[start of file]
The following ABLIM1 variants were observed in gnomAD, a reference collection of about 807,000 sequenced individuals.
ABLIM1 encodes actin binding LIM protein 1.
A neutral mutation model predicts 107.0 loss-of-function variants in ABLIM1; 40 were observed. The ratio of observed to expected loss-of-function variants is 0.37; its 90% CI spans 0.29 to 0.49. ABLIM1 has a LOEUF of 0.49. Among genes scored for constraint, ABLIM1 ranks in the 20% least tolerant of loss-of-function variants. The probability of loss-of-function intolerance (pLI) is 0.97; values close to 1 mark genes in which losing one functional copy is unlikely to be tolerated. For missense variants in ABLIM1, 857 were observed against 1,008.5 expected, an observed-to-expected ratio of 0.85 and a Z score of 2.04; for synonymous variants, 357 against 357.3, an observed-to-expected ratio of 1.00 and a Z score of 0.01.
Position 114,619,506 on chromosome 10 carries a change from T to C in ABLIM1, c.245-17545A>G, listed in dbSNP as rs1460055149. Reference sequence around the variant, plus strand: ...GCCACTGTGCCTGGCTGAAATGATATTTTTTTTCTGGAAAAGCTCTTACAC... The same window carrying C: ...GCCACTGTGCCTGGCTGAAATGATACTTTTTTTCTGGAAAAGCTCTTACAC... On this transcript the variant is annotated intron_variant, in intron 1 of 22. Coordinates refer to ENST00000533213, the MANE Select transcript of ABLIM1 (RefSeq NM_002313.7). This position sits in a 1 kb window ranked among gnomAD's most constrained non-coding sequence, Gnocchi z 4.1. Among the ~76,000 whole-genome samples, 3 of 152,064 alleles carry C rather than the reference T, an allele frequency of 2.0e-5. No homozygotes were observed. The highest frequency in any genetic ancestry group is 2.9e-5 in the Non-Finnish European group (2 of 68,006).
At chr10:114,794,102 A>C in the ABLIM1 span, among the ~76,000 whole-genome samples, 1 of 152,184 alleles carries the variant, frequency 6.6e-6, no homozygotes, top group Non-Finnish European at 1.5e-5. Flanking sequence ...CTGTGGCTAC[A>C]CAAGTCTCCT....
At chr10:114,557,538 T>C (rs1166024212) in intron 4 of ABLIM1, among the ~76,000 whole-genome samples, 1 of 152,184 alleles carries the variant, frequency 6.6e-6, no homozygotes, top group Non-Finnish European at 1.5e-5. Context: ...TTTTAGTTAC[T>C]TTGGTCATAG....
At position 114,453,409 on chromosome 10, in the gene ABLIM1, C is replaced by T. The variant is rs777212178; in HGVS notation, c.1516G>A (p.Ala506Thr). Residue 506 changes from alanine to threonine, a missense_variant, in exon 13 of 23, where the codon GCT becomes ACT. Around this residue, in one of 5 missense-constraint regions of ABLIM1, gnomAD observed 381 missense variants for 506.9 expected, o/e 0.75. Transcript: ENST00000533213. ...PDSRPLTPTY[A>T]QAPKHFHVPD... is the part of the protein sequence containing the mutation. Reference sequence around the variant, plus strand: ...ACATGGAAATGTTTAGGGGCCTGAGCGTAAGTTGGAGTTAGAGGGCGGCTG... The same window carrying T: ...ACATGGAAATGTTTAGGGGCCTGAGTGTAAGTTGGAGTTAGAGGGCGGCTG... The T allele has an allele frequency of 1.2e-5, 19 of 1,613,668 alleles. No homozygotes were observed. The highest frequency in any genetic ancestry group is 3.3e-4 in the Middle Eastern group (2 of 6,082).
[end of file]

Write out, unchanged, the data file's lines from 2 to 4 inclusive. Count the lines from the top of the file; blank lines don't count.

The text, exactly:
ABLIM1 encodes actin binding LIM protein 1.
A neutral mutation model predicts 107.0 loss-of-function variants in ABLIM1; 40 were observed. The ratio of observed to expected loss-of-function variants is 0.37; its 90% CI spans 0.29 to 0.49. ABLIM1 has a LOEUF of 0.49. Among genes scored for constraint, ABLIM1 ranks in the 20% least tolerant of loss-of-function variants. The probability of loss-of-function intolerance (pLI) is 0.97; values close to 1 mark genes in which losing one functional copy is unlikely to be tolerated. For missense variants in ABLIM1, 857 were observed against 1,008.5 expected, an observed-to-expected ratio of 0.85 and a Z score of 2.04; for synonymous variants, 357 against 357.3, an observed-to-expected ratio of 1.00 and a Z score of 0.01.
Position 114,619,506 on chromosome 10 carries a change from T to C in ABLIM1, c.245-17545A>G, listed in dbSNP as rs1460055149. Reference sequence around the variant, plus strand: ...GCCACTGTGCCTGGCTGAAATGATATTTTTTTTCTGGAAAAGCTCTTACAC... The same window carrying C: ...GCCACTGTGCCTGGCTGAAATGATACTTTTTTTCTGGAAAAGCTCTTACAC... On this transcript the variant is annotated intron_variant, in intron 1 of 22. Coordinates refer to ENST00000533213, the MANE Select transcript of ABLIM1 (RefSeq NM_002313.7). This position sits in a 1 kb window ranked among gnomAD's most constrained non-coding sequence, Gnocchi z 4.1. Among the ~76,000 whole-genome samples, 3 of 152,064 alleles carry C rather than the reference T, an allele frequency of 2.0e-5. No homozygotes were observed. The highest frequency in any genetic ancestry group is 2.9e-5 in the Non-Finnish European group (2 of 68,006).